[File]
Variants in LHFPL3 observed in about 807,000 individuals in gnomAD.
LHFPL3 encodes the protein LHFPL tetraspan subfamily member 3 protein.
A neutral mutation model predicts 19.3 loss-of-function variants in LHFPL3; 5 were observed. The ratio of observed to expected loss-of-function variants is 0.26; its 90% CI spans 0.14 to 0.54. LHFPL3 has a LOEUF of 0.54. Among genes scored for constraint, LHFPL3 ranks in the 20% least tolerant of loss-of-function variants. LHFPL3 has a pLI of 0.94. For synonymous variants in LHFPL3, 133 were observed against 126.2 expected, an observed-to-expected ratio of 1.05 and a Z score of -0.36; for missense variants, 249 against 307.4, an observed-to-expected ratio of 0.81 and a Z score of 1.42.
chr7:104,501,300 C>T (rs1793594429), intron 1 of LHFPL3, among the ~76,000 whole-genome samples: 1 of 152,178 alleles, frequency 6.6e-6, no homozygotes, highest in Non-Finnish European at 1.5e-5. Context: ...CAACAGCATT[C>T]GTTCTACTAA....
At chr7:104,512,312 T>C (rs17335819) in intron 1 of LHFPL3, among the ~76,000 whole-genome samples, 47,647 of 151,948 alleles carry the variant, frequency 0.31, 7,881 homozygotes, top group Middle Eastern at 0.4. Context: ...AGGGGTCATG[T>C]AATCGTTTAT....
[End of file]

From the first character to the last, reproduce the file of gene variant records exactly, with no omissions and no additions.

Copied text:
Variants in LHFPL3 observed in about 807,000 individuals in gnomAD.
LHFPL3 encodes the protein LHFPL tetraspan subfamily member 3 protein.
A neutral mutation model predicts 19.3 loss-of-function variants in LHFPL3; 5 were observed. The ratio of observed to expected loss-of-function variants is 0.26; its 90% CI spans 0.14 to 0.54. LHFPL3 has a LOEUF of 0.54. Among genes scored for constraint, LHFPL3 ranks in the 20% least tolerant of loss-of-function variants. LHFPL3 has a pLI of 0.94. For synonymous variants in LHFPL3, 133 were observed against 126.2 expected, an observed-to-expected ratio of 1.05 and a Z score of -0.36; for missense variants, 249 against 307.4, an observed-to-expected ratio of 0.81 and a Z score of 1.42.
chr7:104,501,300 C>T (rs1793594429), intron 1 of LHFPL3, among the ~76,000 whole-genome samples: 1 of 152,178 alleles, frequency 6.6e-6, no homozygotes, highest in Non-Finnish European at 1.5e-5. Context: ...CAACAGCATT[C>T]GTTCTACTAA....
At chr7:104,512,312 T>C (rs17335819) in intron 1 of LHFPL3, among the ~76,000 whole-genome samples, 47,647 of 151,948 alleles carry the variant, frequency 0.31, 7,881 homozygotes, top group Middle Eastern at 0.4. Context: ...AGGGGTCATG[T>C]AATCGTTTAT....